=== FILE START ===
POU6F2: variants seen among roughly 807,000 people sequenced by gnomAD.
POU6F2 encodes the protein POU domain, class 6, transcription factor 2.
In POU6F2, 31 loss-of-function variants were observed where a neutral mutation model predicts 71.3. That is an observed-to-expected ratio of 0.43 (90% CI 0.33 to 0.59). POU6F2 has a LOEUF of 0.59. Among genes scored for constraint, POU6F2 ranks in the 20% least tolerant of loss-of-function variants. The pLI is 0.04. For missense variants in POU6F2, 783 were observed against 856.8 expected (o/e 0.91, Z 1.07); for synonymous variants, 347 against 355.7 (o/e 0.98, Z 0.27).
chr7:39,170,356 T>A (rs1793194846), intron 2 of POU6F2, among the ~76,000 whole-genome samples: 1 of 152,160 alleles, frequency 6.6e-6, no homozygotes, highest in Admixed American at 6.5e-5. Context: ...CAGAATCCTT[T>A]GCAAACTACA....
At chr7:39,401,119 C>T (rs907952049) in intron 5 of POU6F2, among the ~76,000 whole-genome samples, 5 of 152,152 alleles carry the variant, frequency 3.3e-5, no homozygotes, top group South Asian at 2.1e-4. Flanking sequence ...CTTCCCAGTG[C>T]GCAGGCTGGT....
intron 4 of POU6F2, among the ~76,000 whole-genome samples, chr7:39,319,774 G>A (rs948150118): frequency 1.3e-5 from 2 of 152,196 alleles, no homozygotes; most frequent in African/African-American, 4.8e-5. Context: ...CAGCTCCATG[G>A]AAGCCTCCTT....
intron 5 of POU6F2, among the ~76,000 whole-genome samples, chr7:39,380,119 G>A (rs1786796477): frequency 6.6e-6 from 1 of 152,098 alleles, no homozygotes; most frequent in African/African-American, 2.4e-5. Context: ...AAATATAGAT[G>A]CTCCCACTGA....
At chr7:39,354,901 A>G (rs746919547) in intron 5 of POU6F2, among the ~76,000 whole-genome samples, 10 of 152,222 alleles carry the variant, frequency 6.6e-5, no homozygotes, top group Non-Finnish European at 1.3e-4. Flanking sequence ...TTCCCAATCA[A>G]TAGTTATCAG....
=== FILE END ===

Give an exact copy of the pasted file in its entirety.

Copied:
POU6F2: variants seen among roughly 807,000 people sequenced by gnomAD.
POU6F2 encodes the protein POU domain, class 6, transcription factor 2.
In POU6F2, 31 loss-of-function variants were observed where a neutral mutation model predicts 71.3. That is an observed-to-expected ratio of 0.43 (90% CI 0.33 to 0.59). POU6F2 has a LOEUF of 0.59. Among genes scored for constraint, POU6F2 ranks in the 20% least tolerant of loss-of-function variants. The pLI is 0.04. For missense variants in POU6F2, 783 were observed against 856.8 expected (o/e 0.91, Z 1.07); for synonymous variants, 347 against 355.7 (o/e 0.98, Z 0.27).
chr7:39,170,356 T>A (rs1793194846), intron 2 of POU6F2, among the ~76,000 whole-genome samples: 1 of 152,160 alleles, frequency 6.6e-6, no homozygotes, highest in Admixed American at 6.5e-5. Context: ...CAGAATCCTT[T>A]GCAAACTACA....
At chr7:39,401,119 C>T (rs907952049) in intron 5 of POU6F2, among the ~76,000 whole-genome samples, 5 of 152,152 alleles carry the variant, frequency 3.3e-5, no homozygotes, top group South Asian at 2.1e-4. Flanking sequence ...CTTCCCAGTG[C>T]GCAGGCTGGT....
intron 4 of POU6F2, among the ~76,000 whole-genome samples, chr7:39,319,774 G>A (rs948150118): frequency 1.3e-5 from 2 of 152,196 alleles, no homozygotes; most frequent in African/African-American, 4.8e-5. Context: ...CAGCTCCATG[G>A]AAGCCTCCTT....
intron 5 of POU6F2, among the ~76,000 whole-genome samples, chr7:39,380,119 G>A (rs1786796477): frequency 6.6e-6 from 1 of 152,098 alleles, no homozygotes; most frequent in African/African-American, 2.4e-5. Context: ...AAATATAGAT[G>A]CTCCCACTGA....
At chr7:39,354,901 A>G (rs746919547) in intron 5 of POU6F2, among the ~76,000 whole-genome samples, 10 of 152,222 alleles carry the variant, frequency 6.6e-5, no homozygotes, top group Non-Finnish European at 1.3e-4. Flanking sequence ...TTCCCAATCA[A>G]TAGTTATCAG....